All societies use criminal law in ways that – intentionally and unintentionally, directly and indirectly – affect the health of both those who are incarcerated and the broader population. The criminalization of abortion that we see in many countries, is one of the uses of criminal law that potentially has severe health consequences. So is the criminalization of undesirable or “immoral” sexual behavior – ranging from rape, sexual violence and transmission of HIV and other STDs, to sex-work and consensual sex between adults of the same gender. But how can we securely establish such health effects? Which forms of health effects can we reliably measure, and how? Which research methods are most appropriate, and which data are available?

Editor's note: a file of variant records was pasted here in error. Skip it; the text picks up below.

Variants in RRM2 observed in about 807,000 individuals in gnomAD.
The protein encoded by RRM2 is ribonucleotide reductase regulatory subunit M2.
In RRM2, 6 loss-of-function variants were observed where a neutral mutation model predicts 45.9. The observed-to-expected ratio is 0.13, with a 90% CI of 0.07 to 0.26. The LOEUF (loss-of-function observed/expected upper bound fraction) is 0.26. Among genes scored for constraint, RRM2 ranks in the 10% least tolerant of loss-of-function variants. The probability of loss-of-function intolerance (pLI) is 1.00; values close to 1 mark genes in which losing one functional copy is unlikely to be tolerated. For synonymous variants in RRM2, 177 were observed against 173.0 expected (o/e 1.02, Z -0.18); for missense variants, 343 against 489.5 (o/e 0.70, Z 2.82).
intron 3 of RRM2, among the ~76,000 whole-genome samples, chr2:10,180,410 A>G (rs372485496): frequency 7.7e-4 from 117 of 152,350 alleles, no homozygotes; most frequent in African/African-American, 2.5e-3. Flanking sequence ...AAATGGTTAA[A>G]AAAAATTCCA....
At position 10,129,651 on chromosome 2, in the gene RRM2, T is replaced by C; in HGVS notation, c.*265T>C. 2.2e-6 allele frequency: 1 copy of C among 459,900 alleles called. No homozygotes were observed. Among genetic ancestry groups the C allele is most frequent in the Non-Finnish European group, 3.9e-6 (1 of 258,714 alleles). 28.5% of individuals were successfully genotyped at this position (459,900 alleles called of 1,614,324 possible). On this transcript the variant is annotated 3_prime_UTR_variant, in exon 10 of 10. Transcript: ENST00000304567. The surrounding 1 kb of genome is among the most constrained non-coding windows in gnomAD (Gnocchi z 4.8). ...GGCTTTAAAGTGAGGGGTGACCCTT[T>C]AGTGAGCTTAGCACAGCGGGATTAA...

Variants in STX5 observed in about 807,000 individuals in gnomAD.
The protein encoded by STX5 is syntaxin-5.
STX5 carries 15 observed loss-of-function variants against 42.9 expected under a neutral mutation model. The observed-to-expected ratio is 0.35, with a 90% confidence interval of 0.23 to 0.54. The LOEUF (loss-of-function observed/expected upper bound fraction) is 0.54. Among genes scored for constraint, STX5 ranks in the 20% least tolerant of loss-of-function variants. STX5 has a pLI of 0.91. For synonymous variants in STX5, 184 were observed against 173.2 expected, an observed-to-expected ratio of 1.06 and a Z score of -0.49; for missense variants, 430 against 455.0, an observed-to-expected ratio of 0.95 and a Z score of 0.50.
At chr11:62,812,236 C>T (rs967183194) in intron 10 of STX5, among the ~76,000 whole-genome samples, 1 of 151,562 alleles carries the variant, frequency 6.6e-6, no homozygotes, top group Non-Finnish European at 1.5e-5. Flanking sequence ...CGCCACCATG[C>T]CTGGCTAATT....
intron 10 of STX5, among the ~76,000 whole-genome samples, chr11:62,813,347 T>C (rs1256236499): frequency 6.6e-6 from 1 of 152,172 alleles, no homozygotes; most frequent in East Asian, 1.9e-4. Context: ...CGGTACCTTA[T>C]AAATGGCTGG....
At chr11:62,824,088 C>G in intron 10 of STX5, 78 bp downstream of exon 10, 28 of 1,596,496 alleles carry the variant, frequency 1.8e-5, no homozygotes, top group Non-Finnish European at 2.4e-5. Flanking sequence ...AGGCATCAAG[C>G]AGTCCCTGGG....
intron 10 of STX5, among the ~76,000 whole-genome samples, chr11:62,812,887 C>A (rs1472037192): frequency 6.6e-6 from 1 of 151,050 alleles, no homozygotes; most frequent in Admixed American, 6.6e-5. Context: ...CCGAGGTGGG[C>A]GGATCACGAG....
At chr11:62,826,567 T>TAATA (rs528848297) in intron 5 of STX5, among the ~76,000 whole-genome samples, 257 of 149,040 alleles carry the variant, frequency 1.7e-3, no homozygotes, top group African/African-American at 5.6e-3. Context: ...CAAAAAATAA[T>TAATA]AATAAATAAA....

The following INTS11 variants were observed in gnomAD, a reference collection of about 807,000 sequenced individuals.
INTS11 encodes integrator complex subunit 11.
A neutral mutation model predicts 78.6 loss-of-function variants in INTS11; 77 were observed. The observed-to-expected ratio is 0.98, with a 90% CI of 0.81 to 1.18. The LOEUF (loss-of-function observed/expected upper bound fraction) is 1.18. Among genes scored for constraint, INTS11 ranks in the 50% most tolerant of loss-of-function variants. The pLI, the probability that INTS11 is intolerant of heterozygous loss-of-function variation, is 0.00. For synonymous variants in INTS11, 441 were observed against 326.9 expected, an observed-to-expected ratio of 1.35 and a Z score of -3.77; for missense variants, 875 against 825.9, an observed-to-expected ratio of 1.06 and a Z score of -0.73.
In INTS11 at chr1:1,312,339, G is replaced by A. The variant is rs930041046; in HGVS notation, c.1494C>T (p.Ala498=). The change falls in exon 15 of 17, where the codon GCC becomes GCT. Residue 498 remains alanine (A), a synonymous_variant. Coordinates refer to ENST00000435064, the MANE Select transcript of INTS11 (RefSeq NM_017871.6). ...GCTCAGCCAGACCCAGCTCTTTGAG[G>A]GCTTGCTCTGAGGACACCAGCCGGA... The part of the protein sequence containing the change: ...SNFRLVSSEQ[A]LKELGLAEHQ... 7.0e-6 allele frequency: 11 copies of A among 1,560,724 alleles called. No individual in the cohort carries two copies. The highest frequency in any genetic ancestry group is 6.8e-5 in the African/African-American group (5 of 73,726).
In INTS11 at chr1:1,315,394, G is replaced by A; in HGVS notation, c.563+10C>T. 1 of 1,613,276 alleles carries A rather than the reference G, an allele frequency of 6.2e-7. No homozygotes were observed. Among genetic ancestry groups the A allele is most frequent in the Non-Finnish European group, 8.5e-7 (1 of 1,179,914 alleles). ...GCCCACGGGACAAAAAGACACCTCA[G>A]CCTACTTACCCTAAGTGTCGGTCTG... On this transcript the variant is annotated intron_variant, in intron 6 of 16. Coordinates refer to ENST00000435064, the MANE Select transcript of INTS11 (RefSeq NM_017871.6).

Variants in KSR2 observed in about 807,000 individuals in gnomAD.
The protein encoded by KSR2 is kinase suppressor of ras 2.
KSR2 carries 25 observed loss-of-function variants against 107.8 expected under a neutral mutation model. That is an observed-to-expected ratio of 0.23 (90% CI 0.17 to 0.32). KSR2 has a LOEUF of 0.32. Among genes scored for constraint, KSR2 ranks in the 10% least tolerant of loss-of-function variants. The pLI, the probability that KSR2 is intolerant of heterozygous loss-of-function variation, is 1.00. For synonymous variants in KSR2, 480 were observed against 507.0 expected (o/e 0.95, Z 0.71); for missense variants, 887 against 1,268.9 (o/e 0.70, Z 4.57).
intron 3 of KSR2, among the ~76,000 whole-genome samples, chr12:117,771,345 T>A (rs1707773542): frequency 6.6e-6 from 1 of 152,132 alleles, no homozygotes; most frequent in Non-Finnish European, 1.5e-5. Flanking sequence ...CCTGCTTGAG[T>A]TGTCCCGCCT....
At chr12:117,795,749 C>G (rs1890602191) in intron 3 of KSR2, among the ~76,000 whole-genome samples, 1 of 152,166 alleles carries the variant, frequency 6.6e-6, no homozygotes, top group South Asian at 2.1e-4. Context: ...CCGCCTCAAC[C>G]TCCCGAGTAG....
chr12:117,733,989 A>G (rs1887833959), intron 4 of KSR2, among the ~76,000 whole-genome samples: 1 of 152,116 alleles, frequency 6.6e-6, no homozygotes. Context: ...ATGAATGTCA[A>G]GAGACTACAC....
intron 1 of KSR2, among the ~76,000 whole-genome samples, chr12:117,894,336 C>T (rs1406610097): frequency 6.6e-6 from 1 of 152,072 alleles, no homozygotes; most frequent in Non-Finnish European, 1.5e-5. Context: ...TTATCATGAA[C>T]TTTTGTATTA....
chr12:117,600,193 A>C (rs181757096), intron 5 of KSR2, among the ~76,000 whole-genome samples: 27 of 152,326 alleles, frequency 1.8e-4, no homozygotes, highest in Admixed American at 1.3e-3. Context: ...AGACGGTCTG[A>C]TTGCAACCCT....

This roundtable is hosted by the new LawTransform project on “Political determinants of sexual and reproductive health”.
- Camila Gianella (UiB/CMI) introduces and moderates a conversation with Alicia Yamin (O’Neill Institute, Georgetown Univeristy) , Leo Arriola (UC Berkley) and Mindy Roseman (Yale University)
Watch the debate here:https://vimeo.com/183619956